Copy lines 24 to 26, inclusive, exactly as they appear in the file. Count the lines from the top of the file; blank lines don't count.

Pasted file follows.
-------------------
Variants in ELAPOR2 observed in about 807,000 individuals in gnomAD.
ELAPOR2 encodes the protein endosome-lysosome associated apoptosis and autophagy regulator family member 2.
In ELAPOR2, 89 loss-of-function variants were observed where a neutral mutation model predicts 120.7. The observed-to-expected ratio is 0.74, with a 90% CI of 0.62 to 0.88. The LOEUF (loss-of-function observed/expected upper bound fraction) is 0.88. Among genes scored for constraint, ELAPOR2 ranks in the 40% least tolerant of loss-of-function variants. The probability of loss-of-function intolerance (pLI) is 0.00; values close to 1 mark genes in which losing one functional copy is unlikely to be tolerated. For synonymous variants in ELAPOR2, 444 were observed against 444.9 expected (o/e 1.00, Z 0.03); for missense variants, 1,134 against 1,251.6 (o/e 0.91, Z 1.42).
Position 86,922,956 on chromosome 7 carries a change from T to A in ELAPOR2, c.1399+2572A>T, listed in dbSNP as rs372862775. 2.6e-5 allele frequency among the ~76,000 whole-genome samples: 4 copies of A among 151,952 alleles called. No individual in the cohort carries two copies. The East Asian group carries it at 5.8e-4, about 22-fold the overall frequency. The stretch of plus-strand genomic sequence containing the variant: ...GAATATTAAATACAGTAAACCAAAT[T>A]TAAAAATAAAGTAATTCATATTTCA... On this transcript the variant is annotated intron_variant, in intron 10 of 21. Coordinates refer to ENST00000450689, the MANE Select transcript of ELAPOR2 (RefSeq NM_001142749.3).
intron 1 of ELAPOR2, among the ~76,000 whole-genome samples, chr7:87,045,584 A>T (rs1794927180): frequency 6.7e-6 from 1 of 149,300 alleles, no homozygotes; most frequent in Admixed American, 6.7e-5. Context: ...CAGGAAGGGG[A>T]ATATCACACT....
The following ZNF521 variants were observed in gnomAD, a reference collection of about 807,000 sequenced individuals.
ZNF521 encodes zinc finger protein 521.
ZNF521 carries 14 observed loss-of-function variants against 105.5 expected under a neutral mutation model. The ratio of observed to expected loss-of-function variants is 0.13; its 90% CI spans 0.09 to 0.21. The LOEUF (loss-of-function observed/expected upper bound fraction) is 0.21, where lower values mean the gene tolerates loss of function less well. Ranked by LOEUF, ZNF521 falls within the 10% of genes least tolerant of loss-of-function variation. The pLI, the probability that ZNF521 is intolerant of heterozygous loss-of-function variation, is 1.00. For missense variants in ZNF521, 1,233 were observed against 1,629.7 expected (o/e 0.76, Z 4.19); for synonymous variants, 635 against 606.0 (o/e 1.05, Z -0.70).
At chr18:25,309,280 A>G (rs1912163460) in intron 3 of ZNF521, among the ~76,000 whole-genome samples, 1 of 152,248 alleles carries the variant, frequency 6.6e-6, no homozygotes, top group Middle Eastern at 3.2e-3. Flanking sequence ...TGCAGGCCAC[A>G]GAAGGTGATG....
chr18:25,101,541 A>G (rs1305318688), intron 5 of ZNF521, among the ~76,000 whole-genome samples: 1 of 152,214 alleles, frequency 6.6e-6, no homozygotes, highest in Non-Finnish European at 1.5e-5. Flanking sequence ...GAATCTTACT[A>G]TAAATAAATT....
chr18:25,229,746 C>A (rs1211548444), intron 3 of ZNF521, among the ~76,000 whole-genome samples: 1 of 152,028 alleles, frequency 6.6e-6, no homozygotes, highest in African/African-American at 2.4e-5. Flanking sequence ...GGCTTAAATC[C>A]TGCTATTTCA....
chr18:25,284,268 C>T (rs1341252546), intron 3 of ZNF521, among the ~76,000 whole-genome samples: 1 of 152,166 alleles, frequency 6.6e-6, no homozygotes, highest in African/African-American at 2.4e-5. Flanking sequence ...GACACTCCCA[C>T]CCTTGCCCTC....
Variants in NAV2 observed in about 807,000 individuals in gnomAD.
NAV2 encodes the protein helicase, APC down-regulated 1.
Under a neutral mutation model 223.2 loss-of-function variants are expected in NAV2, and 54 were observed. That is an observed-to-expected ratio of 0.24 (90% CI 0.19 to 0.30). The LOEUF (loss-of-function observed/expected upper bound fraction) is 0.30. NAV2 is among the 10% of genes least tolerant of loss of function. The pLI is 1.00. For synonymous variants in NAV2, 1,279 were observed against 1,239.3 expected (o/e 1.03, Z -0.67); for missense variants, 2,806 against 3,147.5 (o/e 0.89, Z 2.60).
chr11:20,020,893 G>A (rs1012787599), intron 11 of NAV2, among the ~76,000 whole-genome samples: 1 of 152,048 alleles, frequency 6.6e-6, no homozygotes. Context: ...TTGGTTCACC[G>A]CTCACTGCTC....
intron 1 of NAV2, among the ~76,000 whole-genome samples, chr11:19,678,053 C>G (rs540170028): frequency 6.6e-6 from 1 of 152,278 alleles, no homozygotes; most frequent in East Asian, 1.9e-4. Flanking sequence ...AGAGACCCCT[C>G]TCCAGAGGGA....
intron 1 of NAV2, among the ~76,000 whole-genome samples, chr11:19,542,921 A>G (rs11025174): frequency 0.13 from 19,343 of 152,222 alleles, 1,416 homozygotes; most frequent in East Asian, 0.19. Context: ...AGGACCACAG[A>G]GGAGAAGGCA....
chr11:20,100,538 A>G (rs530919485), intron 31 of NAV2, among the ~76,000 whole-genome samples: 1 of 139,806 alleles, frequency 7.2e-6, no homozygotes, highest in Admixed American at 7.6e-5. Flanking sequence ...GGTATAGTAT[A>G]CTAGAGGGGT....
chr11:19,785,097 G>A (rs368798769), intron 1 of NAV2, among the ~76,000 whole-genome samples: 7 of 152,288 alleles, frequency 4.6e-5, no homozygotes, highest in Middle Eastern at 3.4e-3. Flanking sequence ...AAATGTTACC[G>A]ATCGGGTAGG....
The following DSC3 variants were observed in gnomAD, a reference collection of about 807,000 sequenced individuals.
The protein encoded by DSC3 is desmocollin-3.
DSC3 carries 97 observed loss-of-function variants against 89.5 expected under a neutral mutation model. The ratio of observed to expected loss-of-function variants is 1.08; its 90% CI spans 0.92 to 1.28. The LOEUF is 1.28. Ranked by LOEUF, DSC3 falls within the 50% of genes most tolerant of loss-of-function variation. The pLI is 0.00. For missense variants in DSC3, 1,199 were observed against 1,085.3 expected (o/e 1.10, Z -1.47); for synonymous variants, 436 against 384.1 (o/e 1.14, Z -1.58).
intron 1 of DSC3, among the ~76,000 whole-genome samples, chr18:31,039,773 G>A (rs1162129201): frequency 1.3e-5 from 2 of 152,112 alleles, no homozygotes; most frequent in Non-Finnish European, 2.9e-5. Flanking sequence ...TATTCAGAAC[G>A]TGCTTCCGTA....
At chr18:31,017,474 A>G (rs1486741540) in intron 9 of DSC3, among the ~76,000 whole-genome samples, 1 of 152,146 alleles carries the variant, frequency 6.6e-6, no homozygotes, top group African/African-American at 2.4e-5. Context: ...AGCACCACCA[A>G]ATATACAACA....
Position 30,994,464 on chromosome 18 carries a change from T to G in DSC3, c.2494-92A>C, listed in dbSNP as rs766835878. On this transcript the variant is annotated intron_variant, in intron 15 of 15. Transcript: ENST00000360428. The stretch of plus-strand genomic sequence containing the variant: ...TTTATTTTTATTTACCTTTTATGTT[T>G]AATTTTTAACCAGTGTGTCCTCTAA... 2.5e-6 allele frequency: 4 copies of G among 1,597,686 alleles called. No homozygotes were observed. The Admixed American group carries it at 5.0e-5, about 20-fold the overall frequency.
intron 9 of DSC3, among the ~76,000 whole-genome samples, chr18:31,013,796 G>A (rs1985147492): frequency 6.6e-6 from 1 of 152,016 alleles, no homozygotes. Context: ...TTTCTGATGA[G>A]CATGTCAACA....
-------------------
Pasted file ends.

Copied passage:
intron 1 of DSC3, among the ~76,000 whole-genome samples, chr18:31,039,773 G>A (rs1162129201): frequency 1.3e-5 from 2 of 152,112 alleles, no homozygotes; most frequent in Non-Finnish European, 2.9e-5. Flanking sequence ...TATTCAGAAC[G>A]TGCTTCCGTA....
At chr18:31,017,474 A>G (rs1486741540) in intron 9 of DSC3, among the ~76,000 whole-genome samples, 1 of 152,146 alleles carries the variant, frequency 6.6e-6, no homozygotes, top group African/African-American at 2.4e-5. Context: ...AGCACCACCA[A>G]ATATACAACA....
Position 30,994,464 on chromosome 18 carries a change from T to G in DSC3, c.2494-92A>C, listed in dbSNP as rs766835878. On this transcript the variant is annotated intron_variant, in intron 15 of 15. Transcript: ENST00000360428. The stretch of plus-strand genomic sequence containing the variant: ...TTTATTTTTATTTACCTTTTATGTT[T>G]AATTTTTAACCAGTGTGTCCTCTAA... 2.5e-6 allele frequency: 4 copies of G among 1,597,686 alleles called. No homozygotes were observed. The Admixed American group carries it at 5.0e-5, about 20-fold the overall frequency.